Last Updated: Thu Nov 04, 2010 19:16 pm (KSA) 16:16 pm (GMT)

Obama drops plan to limit global warming gases

Obama says the cap-and-trade plan is not the only way to reduce  gazes (Image of Scientific America)
Obama says the cap-and-trade plan is not the only way to reduce gazes (Image of Scientific America)

Environmental groups and industry seem headed for another battle over regulation of greenhouse gases, as President Barack Obama said he will look for ways to control global warming pollution other than Congress placing a ceiling on it.

Leaders of the Republican Party, which swept back into the House of Representatives and made gains in the Senate, strongly opposed a bill last year to impose the first U.S. restrictions on carbon blamed for global warming.

 Cap-and-trade was just one way of skinning the cat; it was not the only way. It was a means, not an end 
President Barack Obama

But in one result savored by environmentalists, voters in a California referendum rejected a call to freeze the state's own ambitious plan to curb carbon emissions.

Obama, in a somber post-election press conference, acknowledged that the new Congress was unlikely to move ahead on the so-called "cap-and-trade" plan, which would require carbon cuts and allow companies to trade credits.

"Cap-and-trade was just one way of skinning the cat; it was not the only way. It was a means, not an end," Obama said.

"And I'm going to be looking for other means to address this problem," he said.

The cap-and-trade plan last year passed the House but not the Senate. Ahead of last year's Copenhagen summit, the Obama administration warned that if Congress did not act, the Environmental Protection Agency may regulate carbon.

Obama was non-committal on the idea Wednesday, saying that federal authorities were not "protective of their powers" but wanted to "make sure that the issue's being dealt with."

Obama said he saw areas of cooperation between Democrats and Republicans as both parties supported greater independence from foreign oil.

"That gives opportunities for Democrats and Republicans to come together and think about -- whether it's natural gas or energy efficiency or how we can build electric cars in this country -- how do we move forward on that agenda," he said.

 We're not going to get a comprehensive bill like we did in the last Congress. That's not going to happen 
Gene Karpinski, president of the League of Conservation Voters

Critics of the administration's energy policy are expected to take key positions in Congress.

One candidate to be the next chairman of the House Energy and Commerce Committee is Representative Joe Barton of Texas, who raised controversy in June when he apologized to BP for the $20 billion White House "shakedown" of the oil giant over the Gulf of Mexico oil spill.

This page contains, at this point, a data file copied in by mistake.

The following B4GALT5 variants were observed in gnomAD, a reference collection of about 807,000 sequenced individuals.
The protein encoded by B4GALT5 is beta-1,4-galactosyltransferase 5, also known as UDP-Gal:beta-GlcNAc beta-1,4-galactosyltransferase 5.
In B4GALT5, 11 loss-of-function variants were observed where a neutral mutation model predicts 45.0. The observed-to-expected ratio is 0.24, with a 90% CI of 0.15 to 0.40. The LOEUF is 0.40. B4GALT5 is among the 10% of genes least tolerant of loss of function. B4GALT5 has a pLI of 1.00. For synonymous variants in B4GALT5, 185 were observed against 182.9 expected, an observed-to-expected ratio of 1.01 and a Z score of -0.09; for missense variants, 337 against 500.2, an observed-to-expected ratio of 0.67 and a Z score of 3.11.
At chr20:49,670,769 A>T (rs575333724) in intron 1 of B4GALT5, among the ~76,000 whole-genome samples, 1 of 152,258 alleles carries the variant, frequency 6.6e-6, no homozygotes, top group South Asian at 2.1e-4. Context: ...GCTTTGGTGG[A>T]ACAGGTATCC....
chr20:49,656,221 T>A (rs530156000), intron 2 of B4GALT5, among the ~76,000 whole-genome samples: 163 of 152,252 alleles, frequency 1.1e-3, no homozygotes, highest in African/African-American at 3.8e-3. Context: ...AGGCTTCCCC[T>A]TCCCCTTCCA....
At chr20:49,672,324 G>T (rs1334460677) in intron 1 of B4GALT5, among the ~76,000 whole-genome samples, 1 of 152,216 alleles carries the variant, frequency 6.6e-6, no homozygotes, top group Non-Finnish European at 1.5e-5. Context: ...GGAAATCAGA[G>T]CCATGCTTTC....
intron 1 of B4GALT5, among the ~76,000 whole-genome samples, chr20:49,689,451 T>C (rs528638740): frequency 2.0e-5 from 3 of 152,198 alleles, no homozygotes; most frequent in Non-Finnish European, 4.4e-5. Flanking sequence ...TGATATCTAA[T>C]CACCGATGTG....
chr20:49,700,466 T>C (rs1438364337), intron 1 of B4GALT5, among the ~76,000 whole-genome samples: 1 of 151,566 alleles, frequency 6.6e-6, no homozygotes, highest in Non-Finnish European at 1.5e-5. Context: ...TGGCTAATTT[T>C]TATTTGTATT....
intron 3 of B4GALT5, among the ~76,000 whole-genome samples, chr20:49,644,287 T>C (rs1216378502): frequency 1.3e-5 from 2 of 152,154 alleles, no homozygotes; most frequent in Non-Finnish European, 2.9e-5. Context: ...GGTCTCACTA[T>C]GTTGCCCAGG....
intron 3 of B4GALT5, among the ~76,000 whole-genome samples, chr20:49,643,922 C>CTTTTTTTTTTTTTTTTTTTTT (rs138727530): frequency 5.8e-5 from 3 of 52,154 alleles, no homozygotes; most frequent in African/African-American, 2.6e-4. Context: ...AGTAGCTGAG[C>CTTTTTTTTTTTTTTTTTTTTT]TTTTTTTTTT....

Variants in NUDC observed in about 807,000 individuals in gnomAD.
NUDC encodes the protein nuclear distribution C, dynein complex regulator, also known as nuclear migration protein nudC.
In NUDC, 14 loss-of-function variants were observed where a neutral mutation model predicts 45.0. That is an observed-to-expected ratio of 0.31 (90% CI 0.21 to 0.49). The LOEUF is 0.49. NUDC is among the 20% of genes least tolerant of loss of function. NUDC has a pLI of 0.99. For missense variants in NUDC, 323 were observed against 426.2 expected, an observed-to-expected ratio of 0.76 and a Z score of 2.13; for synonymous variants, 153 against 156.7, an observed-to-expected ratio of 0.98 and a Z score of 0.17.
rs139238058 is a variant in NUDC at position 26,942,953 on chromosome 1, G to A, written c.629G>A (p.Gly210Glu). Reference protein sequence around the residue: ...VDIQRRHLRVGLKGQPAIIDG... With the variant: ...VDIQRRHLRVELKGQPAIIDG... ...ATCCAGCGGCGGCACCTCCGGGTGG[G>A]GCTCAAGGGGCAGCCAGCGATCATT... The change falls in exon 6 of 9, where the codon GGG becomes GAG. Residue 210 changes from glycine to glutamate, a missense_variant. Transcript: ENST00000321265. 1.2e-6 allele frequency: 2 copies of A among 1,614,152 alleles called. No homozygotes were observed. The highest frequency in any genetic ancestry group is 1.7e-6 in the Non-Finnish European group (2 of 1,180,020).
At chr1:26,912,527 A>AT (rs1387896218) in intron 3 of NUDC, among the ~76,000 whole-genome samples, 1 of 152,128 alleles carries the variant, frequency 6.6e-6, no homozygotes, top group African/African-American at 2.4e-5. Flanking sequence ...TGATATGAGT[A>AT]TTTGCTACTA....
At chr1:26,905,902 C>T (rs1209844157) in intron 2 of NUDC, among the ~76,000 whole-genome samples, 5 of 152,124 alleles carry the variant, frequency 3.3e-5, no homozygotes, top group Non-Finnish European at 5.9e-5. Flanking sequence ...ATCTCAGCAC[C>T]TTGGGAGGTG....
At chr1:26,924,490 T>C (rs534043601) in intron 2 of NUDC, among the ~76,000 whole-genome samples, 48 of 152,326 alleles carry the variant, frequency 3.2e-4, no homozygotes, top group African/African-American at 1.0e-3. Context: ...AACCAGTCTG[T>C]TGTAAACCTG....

Representative Darrell Issa of California, a passionate critic of climate legislation, is likely to take over the House Oversight Committee which would launch investigations of the Obama administration.

In the election, two unabashed supporters of climate action backed by green groups, Democratic Representatives Mark Schauer in Michigan and Tom Perriello in Virginia, both lost.

Plastics manufacturer Ron Johnson, who has called global warming "lunacy," defeated Democratic Senator Russ Feingold in Wisconsin for the seat once held by Earth Day founder Gaylord Nelson.

Environmental groups acknowledged they lost allies in Congress but played down the impact, saying that the election showed voter anger about the economy but not climate legislation.

A poll conducted on behalf of environmentalists in 83 battleground districts found that only seven percent who picked the Republican candidate listed "cap-and-trade" as the top concern.

Fifty-eight percent supported a national climate plan when it was presented without the term "cap-and-trade," according to the survey of 1,000 voters.

"We're not going to get a comprehensive bill like we did in the last Congress. That's not going to happen," Gene Karpinski, president of the League of Conservation Voters, told a news conference.

"But there are many specific proposals that have bipartisan support," he said.

Environmentalists rejoiced at the referendum in California, where more than 61 percent of voters rejected the plan to freeze carbon emission cuts until a drop in the state's unemployment rate, one of the nation's worst.

Michael Brune, executive director of the Sierra Club, said that campaigners successfully portrayed climate action as a way to create jobs, despite millions of dollars in advertising by Texas-based oil companies.

"With the resounding thumping that we gave to Big Oil in California, we are producing a model that can be replicated across the country," Brune said.

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